Predatory price wars initiated by market behemoth Amazon directly devalue the written word, according to Turow. So does the willingness of young writers to work for nothing in the hope of future rewards. “You can’t be a professional writer unless you get paid for it,” he says…
I started labeling myself a “professional” the day I first received an acceptance letter. And you know what? That was from a small, non-paying Christian magazine. I’d been trying to get stuff into paying markets, but no one was interested. I needed the writing credit that the magazine was willing to give me, a newbie at this business.
And yes, as much as I dislike the business end of writing, I’ve been trying to treat it as a (very small) business lately.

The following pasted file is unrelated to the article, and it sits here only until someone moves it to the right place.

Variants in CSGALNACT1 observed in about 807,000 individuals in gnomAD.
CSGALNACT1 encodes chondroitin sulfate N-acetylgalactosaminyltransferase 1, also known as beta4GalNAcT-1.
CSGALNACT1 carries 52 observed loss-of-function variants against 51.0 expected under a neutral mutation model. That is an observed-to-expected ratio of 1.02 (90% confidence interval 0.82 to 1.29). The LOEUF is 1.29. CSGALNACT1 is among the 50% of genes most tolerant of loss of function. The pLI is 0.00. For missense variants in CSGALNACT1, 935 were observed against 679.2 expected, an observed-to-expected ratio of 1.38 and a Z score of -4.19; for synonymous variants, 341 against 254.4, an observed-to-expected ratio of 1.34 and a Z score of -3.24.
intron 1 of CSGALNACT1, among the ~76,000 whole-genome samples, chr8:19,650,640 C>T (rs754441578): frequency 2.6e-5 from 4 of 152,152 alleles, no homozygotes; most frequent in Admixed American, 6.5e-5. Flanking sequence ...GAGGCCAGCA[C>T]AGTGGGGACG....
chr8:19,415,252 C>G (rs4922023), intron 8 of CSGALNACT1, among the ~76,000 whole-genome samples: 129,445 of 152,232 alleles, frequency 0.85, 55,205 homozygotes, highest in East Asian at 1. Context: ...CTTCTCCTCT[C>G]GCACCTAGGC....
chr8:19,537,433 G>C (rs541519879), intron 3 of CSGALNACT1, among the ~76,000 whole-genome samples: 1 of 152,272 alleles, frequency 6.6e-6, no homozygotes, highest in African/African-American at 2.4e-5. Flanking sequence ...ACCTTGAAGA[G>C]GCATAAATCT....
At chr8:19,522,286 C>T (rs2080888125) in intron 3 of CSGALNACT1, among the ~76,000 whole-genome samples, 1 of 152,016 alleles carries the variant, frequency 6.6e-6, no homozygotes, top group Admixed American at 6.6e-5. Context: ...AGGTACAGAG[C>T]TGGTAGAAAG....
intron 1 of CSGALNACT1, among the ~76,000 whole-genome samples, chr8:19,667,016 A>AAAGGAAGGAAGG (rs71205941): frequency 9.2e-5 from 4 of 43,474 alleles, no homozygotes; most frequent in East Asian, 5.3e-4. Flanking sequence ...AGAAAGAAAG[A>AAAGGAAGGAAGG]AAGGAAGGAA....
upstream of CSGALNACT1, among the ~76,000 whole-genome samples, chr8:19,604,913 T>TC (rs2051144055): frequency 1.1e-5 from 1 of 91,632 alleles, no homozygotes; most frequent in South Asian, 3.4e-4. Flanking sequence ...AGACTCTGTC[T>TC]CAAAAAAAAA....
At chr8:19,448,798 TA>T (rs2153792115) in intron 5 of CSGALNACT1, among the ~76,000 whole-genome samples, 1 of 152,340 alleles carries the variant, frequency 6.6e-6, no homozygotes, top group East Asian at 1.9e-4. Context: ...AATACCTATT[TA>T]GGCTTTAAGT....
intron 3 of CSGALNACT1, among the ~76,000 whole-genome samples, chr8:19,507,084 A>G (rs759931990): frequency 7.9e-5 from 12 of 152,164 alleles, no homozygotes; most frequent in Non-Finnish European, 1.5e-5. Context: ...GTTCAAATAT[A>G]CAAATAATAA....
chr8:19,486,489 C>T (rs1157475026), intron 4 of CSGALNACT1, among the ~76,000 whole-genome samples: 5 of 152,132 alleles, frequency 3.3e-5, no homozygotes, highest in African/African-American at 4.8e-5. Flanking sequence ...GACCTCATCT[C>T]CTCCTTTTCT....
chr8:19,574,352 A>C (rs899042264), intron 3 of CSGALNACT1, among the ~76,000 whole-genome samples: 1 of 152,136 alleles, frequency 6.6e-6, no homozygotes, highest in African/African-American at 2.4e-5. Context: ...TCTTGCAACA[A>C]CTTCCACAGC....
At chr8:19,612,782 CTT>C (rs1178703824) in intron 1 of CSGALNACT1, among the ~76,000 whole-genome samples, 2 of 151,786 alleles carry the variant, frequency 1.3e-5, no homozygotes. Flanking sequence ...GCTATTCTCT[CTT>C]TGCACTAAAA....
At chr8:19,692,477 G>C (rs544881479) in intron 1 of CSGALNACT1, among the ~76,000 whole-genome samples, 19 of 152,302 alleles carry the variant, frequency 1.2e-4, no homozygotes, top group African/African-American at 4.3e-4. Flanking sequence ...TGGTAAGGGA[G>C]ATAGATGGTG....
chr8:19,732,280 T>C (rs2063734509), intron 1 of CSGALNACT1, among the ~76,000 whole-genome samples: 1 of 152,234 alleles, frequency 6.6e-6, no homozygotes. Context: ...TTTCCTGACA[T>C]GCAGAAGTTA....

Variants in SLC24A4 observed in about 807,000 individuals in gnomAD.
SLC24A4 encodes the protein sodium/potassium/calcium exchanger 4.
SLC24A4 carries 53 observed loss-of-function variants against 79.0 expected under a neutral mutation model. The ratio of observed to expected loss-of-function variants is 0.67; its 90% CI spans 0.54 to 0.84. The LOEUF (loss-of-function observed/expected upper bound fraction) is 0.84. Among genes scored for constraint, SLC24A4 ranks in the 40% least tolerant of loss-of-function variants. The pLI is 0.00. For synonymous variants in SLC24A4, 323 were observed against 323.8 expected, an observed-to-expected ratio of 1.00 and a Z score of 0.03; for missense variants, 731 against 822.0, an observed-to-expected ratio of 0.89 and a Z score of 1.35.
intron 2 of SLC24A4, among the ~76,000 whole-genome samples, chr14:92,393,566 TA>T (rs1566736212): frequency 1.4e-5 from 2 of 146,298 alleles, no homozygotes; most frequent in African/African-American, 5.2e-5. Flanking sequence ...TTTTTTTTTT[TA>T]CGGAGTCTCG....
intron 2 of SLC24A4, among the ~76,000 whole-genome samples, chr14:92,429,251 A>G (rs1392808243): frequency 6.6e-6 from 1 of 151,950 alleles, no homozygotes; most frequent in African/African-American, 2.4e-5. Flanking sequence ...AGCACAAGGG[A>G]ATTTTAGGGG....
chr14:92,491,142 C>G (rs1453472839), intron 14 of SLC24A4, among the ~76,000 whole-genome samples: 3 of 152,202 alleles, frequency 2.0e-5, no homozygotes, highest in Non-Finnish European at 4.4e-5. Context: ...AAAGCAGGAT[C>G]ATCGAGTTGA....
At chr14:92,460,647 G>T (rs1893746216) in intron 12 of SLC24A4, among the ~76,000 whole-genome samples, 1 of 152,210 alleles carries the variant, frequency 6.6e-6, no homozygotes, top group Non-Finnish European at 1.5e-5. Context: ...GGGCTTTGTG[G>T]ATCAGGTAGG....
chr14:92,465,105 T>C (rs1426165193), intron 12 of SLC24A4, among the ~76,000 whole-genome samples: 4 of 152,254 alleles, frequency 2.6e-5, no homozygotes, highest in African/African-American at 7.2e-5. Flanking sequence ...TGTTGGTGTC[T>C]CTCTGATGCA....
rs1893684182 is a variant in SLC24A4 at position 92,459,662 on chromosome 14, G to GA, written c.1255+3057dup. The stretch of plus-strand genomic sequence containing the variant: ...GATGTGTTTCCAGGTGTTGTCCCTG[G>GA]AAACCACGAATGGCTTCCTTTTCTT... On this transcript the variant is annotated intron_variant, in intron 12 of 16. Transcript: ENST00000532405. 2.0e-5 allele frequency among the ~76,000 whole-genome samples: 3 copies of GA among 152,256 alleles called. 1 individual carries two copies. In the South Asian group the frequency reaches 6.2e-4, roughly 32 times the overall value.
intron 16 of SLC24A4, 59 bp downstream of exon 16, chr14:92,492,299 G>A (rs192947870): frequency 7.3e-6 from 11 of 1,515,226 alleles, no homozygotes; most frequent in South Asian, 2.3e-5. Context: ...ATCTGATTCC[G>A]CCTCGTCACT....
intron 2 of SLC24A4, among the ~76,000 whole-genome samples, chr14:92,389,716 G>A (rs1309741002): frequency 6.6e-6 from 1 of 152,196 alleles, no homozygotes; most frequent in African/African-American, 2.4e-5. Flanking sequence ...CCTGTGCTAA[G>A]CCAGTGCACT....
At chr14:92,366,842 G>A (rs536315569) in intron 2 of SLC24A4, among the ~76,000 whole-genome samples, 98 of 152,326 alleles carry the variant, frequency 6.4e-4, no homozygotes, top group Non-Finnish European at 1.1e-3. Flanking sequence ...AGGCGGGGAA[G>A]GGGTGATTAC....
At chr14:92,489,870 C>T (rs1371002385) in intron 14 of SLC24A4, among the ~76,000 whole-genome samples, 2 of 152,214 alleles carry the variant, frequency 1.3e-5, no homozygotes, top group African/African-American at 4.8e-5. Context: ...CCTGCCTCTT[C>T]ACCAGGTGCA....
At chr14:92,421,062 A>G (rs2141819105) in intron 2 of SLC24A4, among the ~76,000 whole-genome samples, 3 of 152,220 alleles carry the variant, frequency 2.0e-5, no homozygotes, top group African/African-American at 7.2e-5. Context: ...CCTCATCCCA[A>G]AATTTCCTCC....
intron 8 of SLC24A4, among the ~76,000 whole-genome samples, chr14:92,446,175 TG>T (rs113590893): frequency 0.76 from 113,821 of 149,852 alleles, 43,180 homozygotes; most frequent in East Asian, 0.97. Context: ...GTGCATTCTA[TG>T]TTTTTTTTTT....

I try to stick to a production schedule, I try to keep products going out regularly, I keep up with what’s going on in my profession, and I keep records. Businesses don’t always start out making profits…in fact, if someone builds a business from the ground up, the first couple of years generally don’t show a whole lot of black in the accounts. You have to be willing to spend some money (whether it’s real money or the money you could be getting paid for your time) in order to build it.
Business for this artist is a pain in the butt, and if I’m going to act like writing is a small business, I’d like to be acknowledged as a professional. No one’s going around telling the new start-up screenprinting business that it isn’t “professional”—at least, not until it’s been proved otherwise.
There’s really no industry standard (that I’ve found) for when a writer call herself a “professional”. I personally think, like I said, that it’s when they make their first sale. That proves the writer can stick to their guns and persevere, just like any other professional in any other field.
So there. ;P
What do you think?